iTunes

Der iTunes Store wird geöffnet.Falls iTunes nicht geöffnet wird, klicken Sie auf das iTunes Symbol im Dock oder auf dem Windows Desktop.Progress Indicator
Der iBooks Store wird geöffnet.Falls iBooks nicht geöffnet wird, klicken Sie im Dock auf die iBooks-App.Progress Indicator
iTunes

iTunes is the world's easiest way to organize and add to your digital media collection.

iTunes wurde auf Ihrem Computer nicht gefunden. Jetzt iTunes laden, um Hörproben von Buddy Tate Meets Abdullah Ibrahim (Remastered) von Abdullah Ibrahim & Buddy Tate abzuspielen und diese Titel zu kaufen.

iTunes ist schon installiert? Klicken Sie auf „Ich habe iTunes“, um es jetzt zu öffnen.

I Have iTunes Gratis-Download
iTunes für Mac + PC

Buddy Tate Meets Abdullah Ibrahim (Remastered)

Öffnen Sie iTunes, um Hörproben zu wählen und Musik zu kaufen und zu laden.

Albenrezension

Initially a meeting between swing tenor saxophonist Buddy Tate and post-bop pianist Abdullah Ibrahim (still widely known as Dollar Brand in 1977 when this CD was recorded), this seems like a possible misfire. Instead, it proves to be an inspiration, as each player taught the other new music and they successfully blended their disparate jazz backgrounds into one outstanding album. The first track, "Goduka Mfundi," is particularly interesting; it's an original by Ibrahim that Tate and the rhythm section (drummer Roy Brooks and bassist Cecil McBee) had just learned prior to recording it, and the composer sits out this hypnotic African groove tune. The pianist's other original is the tasty blues "Heyt Mazurki." Tate's quick tutoring of Ibrahim also pays off huge dividends, as "Doggin' Around" is the most smoking performance of the date, while "Just You, Just Me" proves to be a unique mix of swing and African jazz. The remaining two quartet tracks are familiar turf to all parties. Tate's soulful tone recalls Ben Webster in "Poor Butterfly," though Ibrahim clearly steals the show with his well-disguised, dreamy introduction to Duke Ellington's "In a Sentimental Mood." At this point Tate had to leave for a gig, and the date was completed as a trio. "Shrimp Boats," a piece that Ibrahim recorded on several different occasions, is slow to develop but a very infectious chant-like work. The pianist actual chants along with the almost Middle Eastern-sounding introduction that eventually unfolds into John Lewis' well-known "Django"; in fact, this ten-plus minute piece is nearly over by the time they segue into its theme, following McBee's terrific arco bass solo and Brooks' superb drum solo. It's a shame there wasn't an encore meeting between Ibrahim and Tate following the making of this memorable disc.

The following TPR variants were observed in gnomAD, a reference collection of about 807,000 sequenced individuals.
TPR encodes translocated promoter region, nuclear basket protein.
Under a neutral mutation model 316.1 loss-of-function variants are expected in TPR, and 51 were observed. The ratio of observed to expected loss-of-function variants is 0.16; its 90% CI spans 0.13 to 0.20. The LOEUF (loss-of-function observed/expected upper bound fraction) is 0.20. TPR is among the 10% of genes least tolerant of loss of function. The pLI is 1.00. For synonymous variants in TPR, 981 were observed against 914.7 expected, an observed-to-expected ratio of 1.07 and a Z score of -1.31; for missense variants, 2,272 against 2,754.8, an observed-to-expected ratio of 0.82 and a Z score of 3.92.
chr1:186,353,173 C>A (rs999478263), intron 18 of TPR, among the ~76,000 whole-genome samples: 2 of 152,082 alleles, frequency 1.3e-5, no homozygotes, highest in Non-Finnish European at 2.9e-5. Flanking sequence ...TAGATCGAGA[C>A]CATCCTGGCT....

Biografie

Geboren: 09. Oktober 1934 in Cape Town, South Africa

Genre: Jazz

Jahre aktiv: '60s, '70s, '80s, '90s, '00s, '10s

The melodic sounds of South Africa are fused with the improvisation of jazz and the technical proficiency of classical music by South Africa-born pianist Dollar Brand or, as he's called himself since converting to Islam in 1968, Abdullah Ibrahim. Since attracting international acclaim as a member of the Jazz Epistles, one of South Africa's first jazz bands, Ibrahim has continued to explore new ground with his imaginative playing. Exposed to a variety of music as a youngster, including traditional...
Komplette Biografie
Buddy Tate Meets Abdullah Ibrahim (Remastered), Abdullah Ibrahim
In iTunes ansehen

Kundenbewertungen

Wir haben noch nicht genügend Bewertungen erhalten, um einen Durchschnittswert für diesen Artikel anzeigen zu können.

Einflüsse

Fans

Zeitgenossen